On 21 January, hostilities and bombardment continued. Local sources reported an incident where shelling on a poultry farm which hosted a number of IDPs from southern rural Idleb within Afrin. The incident reportedly resulted in the death of seven people, including five children. Airstrikes on the surrounding areas of Rubar Camp (i.e. Baselhaya camp) were also reported. This resulted in the displacement of 94 families from the camp to the nearby towns of Kafer Naya, Deir Jmail, and Al-Shahbaa camp in Tell Refaat Sub-district. The Rubar camp reportedly hosted 600 families and the Al-Shahbaa camp hosted 250 families who were displaced from Aleppo, Idleb and Homs governorates.
Shelling on the adjacent communities to Afrin District in western and northern rural Aleppo was also reported. On 21 January, shelling on Kaljibrin town reportedly resulted in the death of a father and his son. Prior to that, shelling on Al-Bab city reportedly resulted in the death of a child and the wounding of five people on 19 January. On 18 January, the Health Cluster reported that an NGO-supported mental health hospital in A’zaz Sub-district was impacted by a mortar. This resulted in the killing of one patient and the wounding of twelve female patients. The facility sustained structural damage and was rendered out of service.
In parallel with the hostilities in Afrin district, two incidents of cross-border shelling from Syria to Turkey were reported. On 20 January, Turkish media reported that at least three rockets struck Kilis city, resulting in the wounding of one person. On 21 January, three rockets reportedly hit Reyhanli city, resulting in the death of two people and the wounding of 47. With cross-border shelling becoming an issue, the United Nations Department for Safety and Security (UNDSS) advised UN staff against travelling to the border. As such, cross-border shipments from UN hubs near Bab Al-Salameh and Bab Al-Hawa border crossing points were put on hold on 20 January pending a review of the security situation. This affected 123 truckloads of UN shipments, comprising of food, shelter and health assistance that were planned for shipping to Syria this week. With ongoing large displacement in north-western Syria and the increasing hostilities, the need for UN cross-border shipments is critical to address the growing humanitarian needs. Both Bab Al-Salameh and Bab Al-Hawa crossing points remain open for commercial and non-UN humanitarian traffic.
With routes into and out of Afrin District closing, the supply routes for fuel into north-western Syria reportedly came to a halt. As such, prices of diesel fuel reportedly increased in Idleb Governorate from 200 SYP to 350 SYP per litre. Reports indicate that the increase is not related to a lack of diesel supplies in Idleb Governorate, as reports indicate the presence of large amounts of fuel that are stored in the governorate. However, the increase was caused by the local traders who are reportedly using the closure of the roads in Afrin as an excuse to raise prices.
Displacement and Humanitarian Response
1. Idleb Governorate:
The Camp Coordination and Camp Management (CCCM) Cluster tracked a total of 247,765 displacements (some may be secondary displacements) to central and northern rural Idleb, as well as northern rural Hama, between 15 December and 22 January. The cluster reported on the presence of 10 IDP sites in north-western Syria, two of which are under preparation. The total reception capacity of these 10 sites will be 19,380 people. In terms of response to the ongoing displacement Idleb Governorate, the WASH Cluster established an online system to map out the needs of the IDPs and potential gaps in the response. A dedicated group of active partners in Idleb will be responsible to manage and coordinate the response. The cluster’s activities are comprised of short term response, which includes the provision of lifesaving services to the displaced population at IDP sites. Medium term response of the WASH partners will be centered around carrying out quick repairs and operating the water systems to sustain the water supply in overstretched communities.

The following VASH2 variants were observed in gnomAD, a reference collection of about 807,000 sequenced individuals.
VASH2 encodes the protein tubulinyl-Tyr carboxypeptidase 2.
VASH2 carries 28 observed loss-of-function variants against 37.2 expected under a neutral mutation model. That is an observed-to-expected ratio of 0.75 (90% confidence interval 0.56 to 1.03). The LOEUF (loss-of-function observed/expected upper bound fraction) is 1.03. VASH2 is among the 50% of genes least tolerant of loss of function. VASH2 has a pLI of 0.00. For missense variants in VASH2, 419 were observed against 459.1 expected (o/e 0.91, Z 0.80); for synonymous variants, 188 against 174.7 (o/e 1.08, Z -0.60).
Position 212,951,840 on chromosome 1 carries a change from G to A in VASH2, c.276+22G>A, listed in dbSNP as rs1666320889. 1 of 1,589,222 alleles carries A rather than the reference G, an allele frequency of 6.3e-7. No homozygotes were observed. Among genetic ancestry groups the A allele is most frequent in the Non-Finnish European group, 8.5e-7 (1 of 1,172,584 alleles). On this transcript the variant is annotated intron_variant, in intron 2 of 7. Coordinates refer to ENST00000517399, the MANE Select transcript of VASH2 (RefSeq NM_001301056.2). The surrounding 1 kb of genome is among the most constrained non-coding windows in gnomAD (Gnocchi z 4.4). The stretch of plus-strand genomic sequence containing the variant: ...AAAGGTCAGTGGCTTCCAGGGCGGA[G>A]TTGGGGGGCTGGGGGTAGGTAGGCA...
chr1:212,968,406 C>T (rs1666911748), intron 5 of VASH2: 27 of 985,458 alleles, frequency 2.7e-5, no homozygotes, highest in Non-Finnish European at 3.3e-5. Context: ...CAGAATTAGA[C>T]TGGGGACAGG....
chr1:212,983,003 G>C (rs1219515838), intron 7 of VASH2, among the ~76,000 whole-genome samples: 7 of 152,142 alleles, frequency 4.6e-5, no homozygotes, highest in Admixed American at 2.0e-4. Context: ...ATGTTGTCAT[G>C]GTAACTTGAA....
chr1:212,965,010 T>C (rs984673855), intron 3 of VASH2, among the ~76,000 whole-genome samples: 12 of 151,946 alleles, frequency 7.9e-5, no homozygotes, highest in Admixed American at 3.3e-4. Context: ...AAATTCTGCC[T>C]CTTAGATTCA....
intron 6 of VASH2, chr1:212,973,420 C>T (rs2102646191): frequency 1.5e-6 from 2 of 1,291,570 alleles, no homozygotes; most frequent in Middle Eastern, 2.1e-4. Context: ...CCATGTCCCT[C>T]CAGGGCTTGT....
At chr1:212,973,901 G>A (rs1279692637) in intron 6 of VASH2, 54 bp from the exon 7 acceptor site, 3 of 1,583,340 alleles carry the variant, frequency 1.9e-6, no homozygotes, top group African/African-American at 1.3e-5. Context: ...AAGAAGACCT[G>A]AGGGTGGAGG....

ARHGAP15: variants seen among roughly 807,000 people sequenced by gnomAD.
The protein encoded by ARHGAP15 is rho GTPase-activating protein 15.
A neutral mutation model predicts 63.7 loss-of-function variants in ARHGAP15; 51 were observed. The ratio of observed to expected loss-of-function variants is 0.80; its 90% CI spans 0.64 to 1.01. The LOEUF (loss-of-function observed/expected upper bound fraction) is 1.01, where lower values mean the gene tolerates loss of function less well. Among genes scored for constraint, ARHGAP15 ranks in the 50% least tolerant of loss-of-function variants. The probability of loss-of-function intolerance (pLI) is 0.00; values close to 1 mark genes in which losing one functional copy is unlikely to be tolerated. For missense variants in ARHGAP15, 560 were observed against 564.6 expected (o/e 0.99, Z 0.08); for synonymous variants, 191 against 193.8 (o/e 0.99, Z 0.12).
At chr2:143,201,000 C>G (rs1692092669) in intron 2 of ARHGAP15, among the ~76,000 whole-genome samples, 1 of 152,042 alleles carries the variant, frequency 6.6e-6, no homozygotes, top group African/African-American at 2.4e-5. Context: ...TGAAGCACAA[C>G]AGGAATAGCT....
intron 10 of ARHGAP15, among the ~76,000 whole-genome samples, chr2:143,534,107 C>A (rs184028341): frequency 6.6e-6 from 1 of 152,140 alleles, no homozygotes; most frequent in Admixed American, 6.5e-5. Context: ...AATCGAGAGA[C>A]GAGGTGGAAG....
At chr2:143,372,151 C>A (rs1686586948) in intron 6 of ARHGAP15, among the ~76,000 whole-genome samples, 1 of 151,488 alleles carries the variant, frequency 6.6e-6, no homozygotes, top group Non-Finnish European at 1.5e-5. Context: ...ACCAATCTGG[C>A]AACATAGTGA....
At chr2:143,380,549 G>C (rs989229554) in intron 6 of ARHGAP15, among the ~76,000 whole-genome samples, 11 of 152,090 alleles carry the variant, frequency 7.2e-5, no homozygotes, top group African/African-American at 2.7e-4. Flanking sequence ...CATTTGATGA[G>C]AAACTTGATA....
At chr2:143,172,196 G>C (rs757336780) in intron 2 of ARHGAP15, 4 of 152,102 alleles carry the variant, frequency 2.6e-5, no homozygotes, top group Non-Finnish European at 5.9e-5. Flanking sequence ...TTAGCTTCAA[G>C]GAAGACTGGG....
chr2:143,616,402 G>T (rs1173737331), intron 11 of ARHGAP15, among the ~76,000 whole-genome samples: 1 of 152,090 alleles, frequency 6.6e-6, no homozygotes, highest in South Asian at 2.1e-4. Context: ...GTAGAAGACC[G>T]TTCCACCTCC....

The Education Cluster reported that education activities in contested areas in southern and south-eastern rural Idleb remain suspended. The absorption capacity of the education facilities in the areas that are receiving IDPs is low. Due to the lack of shelter, IDPs might resort to staying in schools, which will further deplete the existing absorption capacity. Previous large displacements showed that it often takes IDPs several weeks – if not months – to settle down. Once IDPs settle down, the provision of education activities to displaced students will commence.
The Shelter/NFI Cluster defined two sets of activities in responding to the ongoing displacement. The first set of activities takes into consideration the fluid and rapidly evolving context of this specific displacement, which means that newly arrivals will displace within Idleb Governorate multiple times. To this end, the SNFI Cluster recommends providing IDPs with a reduced NFI kit, comprised of blankets, sleeping mats, plastic tarpaulins and jerry cans. The second level of NFI emergency response should target the IDPs that settled in a specific location with winterized assistance. This target group should be assisted with NFI winter response in line with the winterization strategy developed by the SNFI Cluster.